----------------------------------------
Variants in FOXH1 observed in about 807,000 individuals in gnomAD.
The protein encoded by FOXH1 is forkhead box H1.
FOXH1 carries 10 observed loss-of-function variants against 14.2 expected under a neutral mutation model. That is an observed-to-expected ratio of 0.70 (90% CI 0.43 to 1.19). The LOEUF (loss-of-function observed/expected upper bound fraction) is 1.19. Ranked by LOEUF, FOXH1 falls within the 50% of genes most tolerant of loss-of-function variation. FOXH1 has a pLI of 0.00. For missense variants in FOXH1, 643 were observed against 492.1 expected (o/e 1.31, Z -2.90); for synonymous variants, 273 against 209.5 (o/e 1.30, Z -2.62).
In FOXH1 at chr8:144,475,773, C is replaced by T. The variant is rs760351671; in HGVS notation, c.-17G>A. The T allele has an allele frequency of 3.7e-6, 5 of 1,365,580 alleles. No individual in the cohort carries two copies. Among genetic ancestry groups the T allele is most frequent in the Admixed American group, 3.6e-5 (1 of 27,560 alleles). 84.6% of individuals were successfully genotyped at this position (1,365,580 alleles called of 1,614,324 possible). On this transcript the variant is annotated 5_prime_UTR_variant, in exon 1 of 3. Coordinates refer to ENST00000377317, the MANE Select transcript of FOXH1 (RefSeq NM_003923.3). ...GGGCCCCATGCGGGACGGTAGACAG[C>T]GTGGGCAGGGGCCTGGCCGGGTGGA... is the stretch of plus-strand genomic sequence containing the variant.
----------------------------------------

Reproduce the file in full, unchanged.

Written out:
Variants in FOXH1 observed in about 807,000 individuals in gnomAD.
The protein encoded by FOXH1 is forkhead box H1.
FOXH1 carries 10 observed loss-of-function variants against 14.2 expected under a neutral mutation model. That is an observed-to-expected ratio of 0.70 (90% CI 0.43 to 1.19). The LOEUF (loss-of-function observed/expected upper bound fraction) is 1.19. Ranked by LOEUF, FOXH1 falls within the 50% of genes most tolerant of loss-of-function variation. FOXH1 has a pLI of 0.00. For missense variants in FOXH1, 643 were observed against 492.1 expected (o/e 1.31, Z -2.90); for synonymous variants, 273 against 209.5 (o/e 1.30, Z -2.62).
In FOXH1 at chr8:144,475,773, C is replaced by T. The variant is rs760351671; in HGVS notation, c.-17G>A. The T allele has an allele frequency of 3.7e-6, 5 of 1,365,580 alleles. No individual in the cohort carries two copies. Among genetic ancestry groups the T allele is most frequent in the Admixed American group, 3.6e-5 (1 of 27,560 alleles). 84.6% of individuals were successfully genotyped at this position (1,365,580 alleles called of 1,614,324 possible). On this transcript the variant is annotated 5_prime_UTR_variant, in exon 1 of 3. Coordinates refer to ENST00000377317, the MANE Select transcript of FOXH1 (RefSeq NM_003923.3). ...GGGCCCCATGCGGGACGGTAGACAG[C>T]GTGGGCAGGGGCCTGGCCGGGTGGA... is the stretch of plus-strand genomic sequence containing the variant.